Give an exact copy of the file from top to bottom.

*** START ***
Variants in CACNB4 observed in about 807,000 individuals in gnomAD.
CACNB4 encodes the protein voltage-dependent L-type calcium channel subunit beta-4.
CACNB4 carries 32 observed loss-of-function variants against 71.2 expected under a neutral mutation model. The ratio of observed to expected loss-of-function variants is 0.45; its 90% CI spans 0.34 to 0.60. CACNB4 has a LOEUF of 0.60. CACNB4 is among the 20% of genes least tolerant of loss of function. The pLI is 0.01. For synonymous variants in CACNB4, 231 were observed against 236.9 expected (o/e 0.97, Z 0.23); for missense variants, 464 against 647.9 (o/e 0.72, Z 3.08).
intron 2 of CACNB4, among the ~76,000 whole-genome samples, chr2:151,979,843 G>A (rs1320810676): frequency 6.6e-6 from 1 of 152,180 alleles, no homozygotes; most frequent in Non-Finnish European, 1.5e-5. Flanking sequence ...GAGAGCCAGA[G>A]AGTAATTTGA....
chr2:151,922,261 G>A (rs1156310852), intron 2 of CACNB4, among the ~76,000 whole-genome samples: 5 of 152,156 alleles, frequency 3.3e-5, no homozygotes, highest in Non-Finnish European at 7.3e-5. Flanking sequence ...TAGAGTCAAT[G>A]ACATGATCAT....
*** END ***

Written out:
Variants in CACNB4 observed in about 807,000 individuals in gnomAD.
CACNB4 encodes the protein voltage-dependent L-type calcium channel subunit beta-4.
CACNB4 carries 32 observed loss-of-function variants against 71.2 expected under a neutral mutation model. The ratio of observed to expected loss-of-function variants is 0.45; its 90% CI spans 0.34 to 0.60. CACNB4 has a LOEUF of 0.60. CACNB4 is among the 20% of genes least tolerant of loss of function. The pLI is 0.01. For synonymous variants in CACNB4, 231 were observed against 236.9 expected (o/e 0.97, Z 0.23); for missense variants, 464 against 647.9 (o/e 0.72, Z 3.08).
intron 2 of CACNB4, among the ~76,000 whole-genome samples, chr2:151,979,843 G>A (rs1320810676): frequency 6.6e-6 from 1 of 152,180 alleles, no homozygotes; most frequent in Non-Finnish European, 1.5e-5. Flanking sequence ...GAGAGCCAGA[G>A]AGTAATTTGA....
chr2:151,922,261 G>A (rs1156310852), intron 2 of CACNB4, among the ~76,000 whole-genome samples: 5 of 152,156 alleles, frequency 3.3e-5, no homozygotes, highest in Non-Finnish European at 7.3e-5. Flanking sequence ...TAGAGTCAAT[G>A]ACATGATCAT....